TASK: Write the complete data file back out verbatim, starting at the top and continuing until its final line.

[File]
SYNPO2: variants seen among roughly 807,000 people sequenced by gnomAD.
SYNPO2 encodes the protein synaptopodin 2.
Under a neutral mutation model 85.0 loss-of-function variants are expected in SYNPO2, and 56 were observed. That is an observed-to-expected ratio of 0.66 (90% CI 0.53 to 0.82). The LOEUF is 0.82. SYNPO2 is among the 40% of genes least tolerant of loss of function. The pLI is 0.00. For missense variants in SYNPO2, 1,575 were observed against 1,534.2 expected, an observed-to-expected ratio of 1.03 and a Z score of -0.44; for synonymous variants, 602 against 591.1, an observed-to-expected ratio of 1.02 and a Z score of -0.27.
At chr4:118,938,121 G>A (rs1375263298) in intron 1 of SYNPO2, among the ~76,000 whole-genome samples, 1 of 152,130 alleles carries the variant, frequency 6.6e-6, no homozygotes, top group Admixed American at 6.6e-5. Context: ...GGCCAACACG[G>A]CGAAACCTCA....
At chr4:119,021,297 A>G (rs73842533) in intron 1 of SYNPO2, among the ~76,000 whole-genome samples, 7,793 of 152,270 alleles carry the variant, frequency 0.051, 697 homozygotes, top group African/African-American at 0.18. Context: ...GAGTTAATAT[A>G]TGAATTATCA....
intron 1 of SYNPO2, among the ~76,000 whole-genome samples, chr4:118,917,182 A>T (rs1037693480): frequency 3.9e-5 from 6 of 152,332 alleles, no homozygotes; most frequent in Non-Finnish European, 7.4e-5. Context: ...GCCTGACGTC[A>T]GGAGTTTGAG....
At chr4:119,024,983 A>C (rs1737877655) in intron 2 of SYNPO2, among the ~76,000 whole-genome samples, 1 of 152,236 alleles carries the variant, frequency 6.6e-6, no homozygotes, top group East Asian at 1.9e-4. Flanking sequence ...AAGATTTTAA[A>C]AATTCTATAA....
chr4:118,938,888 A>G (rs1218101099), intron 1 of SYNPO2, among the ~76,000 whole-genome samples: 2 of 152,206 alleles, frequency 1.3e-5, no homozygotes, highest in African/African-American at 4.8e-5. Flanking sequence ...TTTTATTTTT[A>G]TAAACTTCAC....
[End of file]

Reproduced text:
SYNPO2: variants seen among roughly 807,000 people sequenced by gnomAD.
SYNPO2 encodes the protein synaptopodin 2.
Under a neutral mutation model 85.0 loss-of-function variants are expected in SYNPO2, and 56 were observed. That is an observed-to-expected ratio of 0.66 (90% CI 0.53 to 0.82). The LOEUF is 0.82. SYNPO2 is among the 40% of genes least tolerant of loss of function. The pLI is 0.00. For missense variants in SYNPO2, 1,575 were observed against 1,534.2 expected, an observed-to-expected ratio of 1.03 and a Z score of -0.44; for synonymous variants, 602 against 591.1, an observed-to-expected ratio of 1.02 and a Z score of -0.27.
At chr4:118,938,121 G>A (rs1375263298) in intron 1 of SYNPO2, among the ~76,000 whole-genome samples, 1 of 152,130 alleles carries the variant, frequency 6.6e-6, no homozygotes, top group Admixed American at 6.6e-5. Context: ...GGCCAACACG[G>A]CGAAACCTCA....
At chr4:119,021,297 A>G (rs73842533) in intron 1 of SYNPO2, among the ~76,000 whole-genome samples, 7,793 of 152,270 alleles carry the variant, frequency 0.051, 697 homozygotes, top group African/African-American at 0.18. Context: ...GAGTTAATAT[A>G]TGAATTATCA....
intron 1 of SYNPO2, among the ~76,000 whole-genome samples, chr4:118,917,182 A>T (rs1037693480): frequency 3.9e-5 from 6 of 152,332 alleles, no homozygotes; most frequent in Non-Finnish European, 7.4e-5. Context: ...GCCTGACGTC[A>T]GGAGTTTGAG....
At chr4:119,024,983 A>C (rs1737877655) in intron 2 of SYNPO2, among the ~76,000 whole-genome samples, 1 of 152,236 alleles carries the variant, frequency 6.6e-6, no homozygotes, top group East Asian at 1.9e-4. Flanking sequence ...AAGATTTTAA[A>C]AATTCTATAA....
chr4:118,938,888 A>G (rs1218101099), intron 1 of SYNPO2, among the ~76,000 whole-genome samples: 2 of 152,206 alleles, frequency 1.3e-5, no homozygotes, highest in African/African-American at 4.8e-5. Flanking sequence ...TTTTATTTTT[A>G]TAAACTTCAC....